Friday, June 01, 2007

Who watches the watchmen?

Or, maybe it should be, who holds the spies accountable?

Salon has an article, The corporate takeover of U.S. intelligence, about the new trend of outsourcing intelligence business to private contractors, and the lack of oversight of these contractors.

More than five years into the global "war on terror," spying has become one of the fastest-growing private industries in the United States. The federal government relies more than ever on outsourcing for some of its most sensitive work, though it has kept details about its use of private contractors a closely guarded secret. Intelligence experts, and even the government itself, have warned of a critical lack of oversight for the booming intelligence business.

On May 14, at an industry conference in Colorado sponsored by the Defense Intelligence Agency, the U.S. government revealed for the first time how much of its classified intelligence budget is spent on private contracts: a whopping 70 percent, or roughly $42 billion. The figure was disclosed by Terri Everett, a senior procurement executive in the Office of the Director of National Intelligence, the agency established by Congress in 2004 to oversee the 16 agencies that make up the U.S. intelligence infrastructure. A copy of Everett's unclassified PowerPoint slide presentation, titled "Procuring the Future" and dated May 25, was obtained by Salon. (It has since become available on the DIA's Web site.) "We can't spy ... If we can't buy!" one of the slides proclaims, underscoring the enormous dependence of U.S. intelligence agencies on private sector contracts.

The DNI figures show that the aggregate number of private contracts awarded by intelligence agencies rose by about 38 percent from the mid-1990s to 2005. But the surge in outsourcing has been far more dramatic measured in dollars: Over the same period of time, the total value of intelligence contracts more than doubled, from about $18 billion in 1995 to $42 billion in 2005.


While such large numbers, and especially such increases, should always get notice, it's especially troublesome when cloaked in secrecy.

Because of the cloak of secrecy thrown over the intelligence budgets, there is no way for the American public, or even much of Congress, to know how those contractors are getting the money, what they are doing with it, or how effectively they are using it. The explosion in outsourcing has taken place against a backdrop of intelligence failures for which the Bush administration has been hammered by critics, from Saddam Hussein's fictional weapons of mass destruction to abusive interrogations that have involved employees of private contractors operating in Iraq, Afghanistan and Guantánamo Bay, Cuba. Aftergood and other experts also warn that the lack of transparency creates conditions ripe for corruption.


Given how stories about Pentagon contracts to companies like Halliburton have been filled with examples of gross misuse and corruption, such worries would seem very reasonable to me.

The Democrats are trying to do something about this

Both the House and Senate are now considering intelligence spending bills that require the DNI, starting next year, to provide extensive information on contractors. The House version requires an annual report on contractors that might be committing waste and fraud, as well as reviews on its "accountability mechanisms" for contractors and the effect of contractors on the intelligence workforce. The amendment was drafted by Rep. David Price, D-N.C., who introduced a similar bill last year that passed the House but was quashed by the Senate. In a statement on the House floor on May 10, Price explained that he was seeking answers to several simple questions: "Should (contractors) be involved in intelligence collection? Should they be involved in analysis? What about interrogations or covert operations? Are there some activities that are so sensitive they should only be performed by highly trained Intelligence Community professionals?"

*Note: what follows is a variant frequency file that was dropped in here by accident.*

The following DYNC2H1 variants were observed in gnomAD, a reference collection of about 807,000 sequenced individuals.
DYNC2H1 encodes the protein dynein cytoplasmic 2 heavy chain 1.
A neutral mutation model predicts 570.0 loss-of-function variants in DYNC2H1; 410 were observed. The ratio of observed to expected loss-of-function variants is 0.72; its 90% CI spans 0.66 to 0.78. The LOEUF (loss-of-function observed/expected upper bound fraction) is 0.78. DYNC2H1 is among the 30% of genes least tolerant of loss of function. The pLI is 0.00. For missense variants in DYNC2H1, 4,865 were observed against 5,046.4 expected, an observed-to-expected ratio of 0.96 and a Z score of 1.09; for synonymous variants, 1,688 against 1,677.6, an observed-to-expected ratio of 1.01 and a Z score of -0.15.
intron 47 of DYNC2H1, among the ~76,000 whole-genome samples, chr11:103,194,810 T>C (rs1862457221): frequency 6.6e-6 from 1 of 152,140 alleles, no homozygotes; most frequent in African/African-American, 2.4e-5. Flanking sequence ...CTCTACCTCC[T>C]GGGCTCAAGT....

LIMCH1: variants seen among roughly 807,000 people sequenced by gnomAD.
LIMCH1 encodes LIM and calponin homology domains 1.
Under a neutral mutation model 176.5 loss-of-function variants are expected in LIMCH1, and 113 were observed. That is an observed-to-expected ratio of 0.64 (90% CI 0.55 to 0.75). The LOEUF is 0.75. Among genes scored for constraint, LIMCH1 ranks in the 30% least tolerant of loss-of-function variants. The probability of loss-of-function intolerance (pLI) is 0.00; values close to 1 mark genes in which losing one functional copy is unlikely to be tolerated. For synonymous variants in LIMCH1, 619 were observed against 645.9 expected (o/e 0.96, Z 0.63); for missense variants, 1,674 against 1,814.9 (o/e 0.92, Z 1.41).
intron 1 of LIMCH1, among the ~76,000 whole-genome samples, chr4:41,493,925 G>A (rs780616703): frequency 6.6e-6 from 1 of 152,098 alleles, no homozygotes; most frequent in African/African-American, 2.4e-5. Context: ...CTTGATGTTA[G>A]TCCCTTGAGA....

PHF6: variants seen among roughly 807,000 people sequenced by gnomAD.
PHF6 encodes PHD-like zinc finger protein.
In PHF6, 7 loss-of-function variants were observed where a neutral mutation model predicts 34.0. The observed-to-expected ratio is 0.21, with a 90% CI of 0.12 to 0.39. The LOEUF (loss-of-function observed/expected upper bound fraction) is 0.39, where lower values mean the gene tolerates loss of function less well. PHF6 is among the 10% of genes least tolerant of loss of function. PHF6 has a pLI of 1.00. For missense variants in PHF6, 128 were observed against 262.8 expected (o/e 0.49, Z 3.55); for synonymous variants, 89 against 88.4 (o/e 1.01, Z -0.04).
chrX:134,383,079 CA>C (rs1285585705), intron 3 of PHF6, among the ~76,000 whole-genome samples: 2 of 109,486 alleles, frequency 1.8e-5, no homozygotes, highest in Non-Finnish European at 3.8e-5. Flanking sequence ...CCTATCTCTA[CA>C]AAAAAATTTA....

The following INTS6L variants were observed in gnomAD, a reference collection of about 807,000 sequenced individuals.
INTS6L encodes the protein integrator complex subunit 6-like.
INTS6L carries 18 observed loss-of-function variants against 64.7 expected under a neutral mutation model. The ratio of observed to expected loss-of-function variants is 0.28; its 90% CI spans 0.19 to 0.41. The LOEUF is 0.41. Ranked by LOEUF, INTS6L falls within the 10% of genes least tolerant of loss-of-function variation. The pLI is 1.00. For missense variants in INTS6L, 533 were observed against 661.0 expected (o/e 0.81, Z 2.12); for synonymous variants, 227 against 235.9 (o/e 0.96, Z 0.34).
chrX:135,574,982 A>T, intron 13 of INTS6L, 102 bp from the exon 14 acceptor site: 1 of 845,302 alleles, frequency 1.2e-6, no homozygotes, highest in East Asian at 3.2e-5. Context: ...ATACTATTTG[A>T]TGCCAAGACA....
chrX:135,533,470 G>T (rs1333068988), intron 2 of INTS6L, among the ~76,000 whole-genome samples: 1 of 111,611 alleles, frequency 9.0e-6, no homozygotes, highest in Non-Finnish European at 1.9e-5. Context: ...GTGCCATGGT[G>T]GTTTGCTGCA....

If either of the House or Senate intelligence bills pass in their present form, the overall U.S. intelligence budget -- approximately $48 billion this year, by most estimates -- will be made public. Such transparency is critical as contracting continues to expand, said Paul Cox, Price's press secretary. "As a nation," he said, "we really need to take a look and decide what's appropriate to contract and what's inherently governmental."


What's the odds of such a bill passing without a presidencial veto?

In general, US spending is quite corrupt by European standards, which has much to do with the lack of accountability, and the general acceptance of bringing "pork" back to the districts of the politicians. Due to EU rules about public spending, such things are not generally possible in the EU (though corruption certainly still happens in other forms). Anything that can make public spending more transparent is a good thing.

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1 Comments:

Blogger Bronze Dog said...

Outsourcing intelligence. And I thought it was bad when they outsourced military operations to a lot of mercenaries also without accountability for any torture they might perform.

[Exaggeration]

Well, since private corporations are taking over, better start saving up for my Armored Core, so that I can start taking missions for the Cola Wars. Wonder who offers more credits and better AC parts, Coca-Cola or Pepsicola?

[/Exaggeration]

June 02, 2007 4:49 AM  

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